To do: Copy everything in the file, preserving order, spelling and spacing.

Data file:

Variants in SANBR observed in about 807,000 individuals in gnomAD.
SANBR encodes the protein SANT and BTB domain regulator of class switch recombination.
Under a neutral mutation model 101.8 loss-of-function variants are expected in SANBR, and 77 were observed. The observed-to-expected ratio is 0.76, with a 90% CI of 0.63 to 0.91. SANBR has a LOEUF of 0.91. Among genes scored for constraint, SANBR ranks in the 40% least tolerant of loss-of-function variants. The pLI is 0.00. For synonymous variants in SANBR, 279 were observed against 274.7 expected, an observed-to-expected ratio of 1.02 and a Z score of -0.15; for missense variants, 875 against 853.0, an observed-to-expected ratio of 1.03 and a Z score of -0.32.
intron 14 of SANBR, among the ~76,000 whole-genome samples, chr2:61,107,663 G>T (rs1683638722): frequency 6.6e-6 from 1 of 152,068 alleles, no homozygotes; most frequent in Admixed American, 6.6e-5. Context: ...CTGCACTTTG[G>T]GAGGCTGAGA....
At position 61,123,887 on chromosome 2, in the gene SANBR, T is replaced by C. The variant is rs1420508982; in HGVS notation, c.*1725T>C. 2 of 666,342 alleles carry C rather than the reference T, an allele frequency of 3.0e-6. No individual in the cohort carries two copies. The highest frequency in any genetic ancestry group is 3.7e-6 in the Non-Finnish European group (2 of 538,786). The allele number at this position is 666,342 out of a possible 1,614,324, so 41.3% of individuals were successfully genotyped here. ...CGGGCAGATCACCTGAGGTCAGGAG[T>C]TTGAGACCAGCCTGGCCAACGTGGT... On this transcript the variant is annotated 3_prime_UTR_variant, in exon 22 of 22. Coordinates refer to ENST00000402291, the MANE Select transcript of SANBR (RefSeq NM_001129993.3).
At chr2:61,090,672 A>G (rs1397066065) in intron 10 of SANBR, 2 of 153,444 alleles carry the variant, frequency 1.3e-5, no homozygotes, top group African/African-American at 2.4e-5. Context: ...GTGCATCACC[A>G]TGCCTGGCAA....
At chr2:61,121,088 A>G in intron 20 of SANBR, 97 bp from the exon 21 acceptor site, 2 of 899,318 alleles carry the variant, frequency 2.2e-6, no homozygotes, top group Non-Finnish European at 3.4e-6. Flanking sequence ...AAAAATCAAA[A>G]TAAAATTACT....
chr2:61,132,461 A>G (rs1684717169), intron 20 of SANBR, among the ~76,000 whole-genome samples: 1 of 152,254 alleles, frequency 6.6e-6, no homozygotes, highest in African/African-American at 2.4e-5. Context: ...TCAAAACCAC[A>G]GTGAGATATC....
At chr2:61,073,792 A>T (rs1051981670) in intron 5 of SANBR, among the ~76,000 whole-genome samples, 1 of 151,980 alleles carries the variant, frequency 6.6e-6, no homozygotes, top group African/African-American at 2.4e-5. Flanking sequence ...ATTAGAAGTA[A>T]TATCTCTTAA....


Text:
Variants in SANBR observed in about 807,000 individuals in gnomAD.
SANBR encodes the protein SANT and BTB domain regulator of class switch recombination.
Under a neutral mutation model 101.8 loss-of-function variants are expected in SANBR, and 77 were observed. The observed-to-expected ratio is 0.76, with a 90% CI of 0.63 to 0.91. SANBR has a LOEUF of 0.91. Among genes scored for constraint, SANBR ranks in the 40% least tolerant of loss-of-function variants. The pLI is 0.00. For synonymous variants in SANBR, 279 were observed against 274.7 expected, an observed-to-expected ratio of 1.02 and a Z score of -0.15; for missense variants, 875 against 853.0, an observed-to-expected ratio of 1.03 and a Z score of -0.32.
intron 14 of SANBR, among the ~76,000 whole-genome samples, chr2:61,107,663 G>T (rs1683638722): frequency 6.6e-6 from 1 of 152,068 alleles, no homozygotes; most frequent in Admixed American, 6.6e-5. Context: ...CTGCACTTTG[G>T]GAGGCTGAGA....
At position 61,123,887 on chromosome 2, in the gene SANBR, T is replaced by C. The variant is rs1420508982; in HGVS notation, c.*1725T>C. 2 of 666,342 alleles carry C rather than the reference T, an allele frequency of 3.0e-6. No individual in the cohort carries two copies. The highest frequency in any genetic ancestry group is 3.7e-6 in the Non-Finnish European group (2 of 538,786). The allele number at this position is 666,342 out of a possible 1,614,324, so 41.3% of individuals were successfully genotyped here. ...CGGGCAGATCACCTGAGGTCAGGAG[T>C]TTGAGACCAGCCTGGCCAACGTGGT... On this transcript the variant is annotated 3_prime_UTR_variant, in exon 22 of 22. Coordinates refer to ENST00000402291, the MANE Select transcript of SANBR (RefSeq NM_001129993.3).
At chr2:61,090,672 A>G (rs1397066065) in intron 10 of SANBR, 2 of 153,444 alleles carry the variant, frequency 1.3e-5, no homozygotes, top group African/African-American at 2.4e-5. Context: ...GTGCATCACC[A>G]TGCCTGGCAA....
At chr2:61,121,088 A>G in intron 20 of SANBR, 97 bp from the exon 21 acceptor site, 2 of 899,318 alleles carry the variant, frequency 2.2e-6, no homozygotes, top group Non-Finnish European at 3.4e-6. Flanking sequence ...AAAAATCAAA[A>G]TAAAATTACT....
chr2:61,132,461 A>G (rs1684717169), intron 20 of SANBR, among the ~76,000 whole-genome samples: 1 of 152,254 alleles, frequency 6.6e-6, no homozygotes, highest in African/African-American at 2.4e-5. Context: ...TCAAAACCAC[A>G]GTGAGATATC....
At chr2:61,073,792 A>T (rs1051981670) in intron 5 of SANBR, among the ~76,000 whole-genome samples, 1 of 151,980 alleles carries the variant, frequency 6.6e-6, no homozygotes, top group African/African-American at 2.4e-5. Flanking sequence ...ATTAGAAGTA[A>T]TATCTCTTAA....